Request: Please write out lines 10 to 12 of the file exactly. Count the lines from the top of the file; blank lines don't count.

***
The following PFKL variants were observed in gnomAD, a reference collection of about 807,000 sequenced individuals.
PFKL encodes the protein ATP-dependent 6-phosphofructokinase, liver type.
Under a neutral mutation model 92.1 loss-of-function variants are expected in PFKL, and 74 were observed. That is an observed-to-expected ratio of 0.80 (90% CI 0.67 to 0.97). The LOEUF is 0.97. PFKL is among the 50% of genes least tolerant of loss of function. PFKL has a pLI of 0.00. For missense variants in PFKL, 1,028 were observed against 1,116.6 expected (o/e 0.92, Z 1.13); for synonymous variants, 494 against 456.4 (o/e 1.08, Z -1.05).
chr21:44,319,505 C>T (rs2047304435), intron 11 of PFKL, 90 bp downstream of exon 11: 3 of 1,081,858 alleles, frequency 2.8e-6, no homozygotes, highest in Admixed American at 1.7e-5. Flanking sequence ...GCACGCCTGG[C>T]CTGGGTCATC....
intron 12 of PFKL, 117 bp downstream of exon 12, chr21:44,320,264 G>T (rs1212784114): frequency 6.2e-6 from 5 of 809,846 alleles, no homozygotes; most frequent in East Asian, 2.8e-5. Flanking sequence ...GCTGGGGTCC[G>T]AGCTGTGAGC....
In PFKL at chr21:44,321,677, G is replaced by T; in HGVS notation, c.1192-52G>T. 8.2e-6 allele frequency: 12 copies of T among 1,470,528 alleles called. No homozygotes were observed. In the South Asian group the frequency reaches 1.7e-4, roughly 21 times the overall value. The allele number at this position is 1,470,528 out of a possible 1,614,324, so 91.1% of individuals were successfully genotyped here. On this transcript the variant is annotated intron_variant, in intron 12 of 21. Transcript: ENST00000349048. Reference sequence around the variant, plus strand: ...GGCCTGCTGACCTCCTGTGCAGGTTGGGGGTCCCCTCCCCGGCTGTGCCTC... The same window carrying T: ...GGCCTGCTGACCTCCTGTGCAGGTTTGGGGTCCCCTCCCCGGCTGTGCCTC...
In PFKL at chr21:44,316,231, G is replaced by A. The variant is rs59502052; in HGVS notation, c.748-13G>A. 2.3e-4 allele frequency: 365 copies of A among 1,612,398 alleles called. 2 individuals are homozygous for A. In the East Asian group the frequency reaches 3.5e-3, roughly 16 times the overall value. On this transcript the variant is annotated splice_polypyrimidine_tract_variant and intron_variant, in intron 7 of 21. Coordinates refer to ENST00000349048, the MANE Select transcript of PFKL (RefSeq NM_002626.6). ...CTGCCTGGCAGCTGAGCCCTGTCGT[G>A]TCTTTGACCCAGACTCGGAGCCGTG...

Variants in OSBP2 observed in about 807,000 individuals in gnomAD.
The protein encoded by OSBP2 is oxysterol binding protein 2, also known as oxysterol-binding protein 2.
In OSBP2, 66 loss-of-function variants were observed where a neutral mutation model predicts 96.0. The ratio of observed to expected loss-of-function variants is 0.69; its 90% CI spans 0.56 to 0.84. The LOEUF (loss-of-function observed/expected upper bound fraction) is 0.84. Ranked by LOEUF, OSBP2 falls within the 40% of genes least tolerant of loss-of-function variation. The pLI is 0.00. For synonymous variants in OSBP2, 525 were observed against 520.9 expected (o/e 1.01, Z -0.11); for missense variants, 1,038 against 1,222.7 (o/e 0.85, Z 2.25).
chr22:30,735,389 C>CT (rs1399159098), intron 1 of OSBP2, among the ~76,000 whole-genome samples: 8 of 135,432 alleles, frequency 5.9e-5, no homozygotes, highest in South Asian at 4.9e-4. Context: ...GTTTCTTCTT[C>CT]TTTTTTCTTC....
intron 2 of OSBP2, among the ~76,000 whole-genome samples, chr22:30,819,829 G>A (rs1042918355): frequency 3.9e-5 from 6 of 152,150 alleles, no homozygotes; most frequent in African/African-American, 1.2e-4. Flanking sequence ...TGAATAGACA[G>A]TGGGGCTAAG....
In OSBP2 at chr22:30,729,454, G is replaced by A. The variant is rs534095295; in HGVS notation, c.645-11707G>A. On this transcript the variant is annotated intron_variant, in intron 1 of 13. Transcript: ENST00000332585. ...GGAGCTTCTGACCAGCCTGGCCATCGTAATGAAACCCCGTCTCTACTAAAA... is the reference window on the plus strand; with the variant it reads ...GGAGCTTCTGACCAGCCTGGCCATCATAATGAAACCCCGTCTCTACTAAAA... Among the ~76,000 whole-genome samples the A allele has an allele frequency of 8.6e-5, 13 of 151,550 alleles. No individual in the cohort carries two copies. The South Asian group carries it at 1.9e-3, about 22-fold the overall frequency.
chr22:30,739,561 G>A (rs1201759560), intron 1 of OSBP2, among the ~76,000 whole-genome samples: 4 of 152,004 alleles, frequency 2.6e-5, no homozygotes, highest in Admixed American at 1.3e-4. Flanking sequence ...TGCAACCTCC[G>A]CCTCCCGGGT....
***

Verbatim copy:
In OSBP2, 66 loss-of-function variants were observed where a neutral mutation model predicts 96.0. The ratio of observed to expected loss-of-function variants is 0.69; its 90% CI spans 0.56 to 0.84. The LOEUF (loss-of-function observed/expected upper bound fraction) is 0.84. Ranked by LOEUF, OSBP2 falls within the 40% of genes least tolerant of loss-of-function variation. The pLI is 0.00. For synonymous variants in OSBP2, 525 were observed against 520.9 expected (o/e 1.01, Z -0.11); for missense variants, 1,038 against 1,222.7 (o/e 0.85, Z 2.25).
chr22:30,735,389 C>CT (rs1399159098), intron 1 of OSBP2, among the ~76,000 whole-genome samples: 8 of 135,432 alleles, frequency 5.9e-5, no homozygotes, highest in South Asian at 4.9e-4. Context: ...GTTTCTTCTT[C>CT]TTTTTTCTTC....
intron 2 of OSBP2, among the ~76,000 whole-genome samples, chr22:30,819,829 G>A (rs1042918355): frequency 3.9e-5 from 6 of 152,150 alleles, no homozygotes; most frequent in African/African-American, 1.2e-4. Flanking sequence ...TGAATAGACA[G>A]TGGGGCTAAG....